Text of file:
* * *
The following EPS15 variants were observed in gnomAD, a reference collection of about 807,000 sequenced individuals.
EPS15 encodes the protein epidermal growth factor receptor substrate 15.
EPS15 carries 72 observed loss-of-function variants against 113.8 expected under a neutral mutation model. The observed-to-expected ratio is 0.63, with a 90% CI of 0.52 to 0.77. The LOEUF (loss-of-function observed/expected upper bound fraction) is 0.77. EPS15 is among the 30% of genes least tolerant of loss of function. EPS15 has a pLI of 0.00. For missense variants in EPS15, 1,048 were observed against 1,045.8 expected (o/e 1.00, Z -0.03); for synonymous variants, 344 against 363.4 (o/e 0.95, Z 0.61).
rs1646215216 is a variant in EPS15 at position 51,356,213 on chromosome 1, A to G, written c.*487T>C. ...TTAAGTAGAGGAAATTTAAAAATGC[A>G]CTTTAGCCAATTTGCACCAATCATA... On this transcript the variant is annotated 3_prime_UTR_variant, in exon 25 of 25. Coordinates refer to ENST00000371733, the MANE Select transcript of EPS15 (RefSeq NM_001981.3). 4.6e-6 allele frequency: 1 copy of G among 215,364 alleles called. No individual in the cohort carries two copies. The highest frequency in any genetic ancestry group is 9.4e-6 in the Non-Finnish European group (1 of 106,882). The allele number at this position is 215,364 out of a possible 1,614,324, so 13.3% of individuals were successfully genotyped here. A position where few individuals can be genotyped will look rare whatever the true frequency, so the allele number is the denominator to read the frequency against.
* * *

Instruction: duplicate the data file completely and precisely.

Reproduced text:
The following EPS15 variants were observed in gnomAD, a reference collection of about 807,000 sequenced individuals.
EPS15 encodes the protein epidermal growth factor receptor substrate 15.
EPS15 carries 72 observed loss-of-function variants against 113.8 expected under a neutral mutation model. The observed-to-expected ratio is 0.63, with a 90% CI of 0.52 to 0.77. The LOEUF (loss-of-function observed/expected upper bound fraction) is 0.77. EPS15 is among the 30% of genes least tolerant of loss of function. EPS15 has a pLI of 0.00. For missense variants in EPS15, 1,048 were observed against 1,045.8 expected (o/e 1.00, Z -0.03); for synonymous variants, 344 against 363.4 (o/e 0.95, Z 0.61).
rs1646215216 is a variant in EPS15 at position 51,356,213 on chromosome 1, A to G, written c.*487T>C. ...TTAAGTAGAGGAAATTTAAAAATGC[A>G]CTTTAGCCAATTTGCACCAATCATA... On this transcript the variant is annotated 3_prime_UTR_variant, in exon 25 of 25. Coordinates refer to ENST00000371733, the MANE Select transcript of EPS15 (RefSeq NM_001981.3). 4.6e-6 allele frequency: 1 copy of G among 215,364 alleles called. No individual in the cohort carries two copies. The highest frequency in any genetic ancestry group is 9.4e-6 in the Non-Finnish European group (1 of 106,882). The allele number at this position is 215,364 out of a possible 1,614,324, so 13.3% of individuals were successfully genotyped here. A position where few individuals can be genotyped will look rare whatever the true frequency, so the allele number is the denominator to read the frequency against.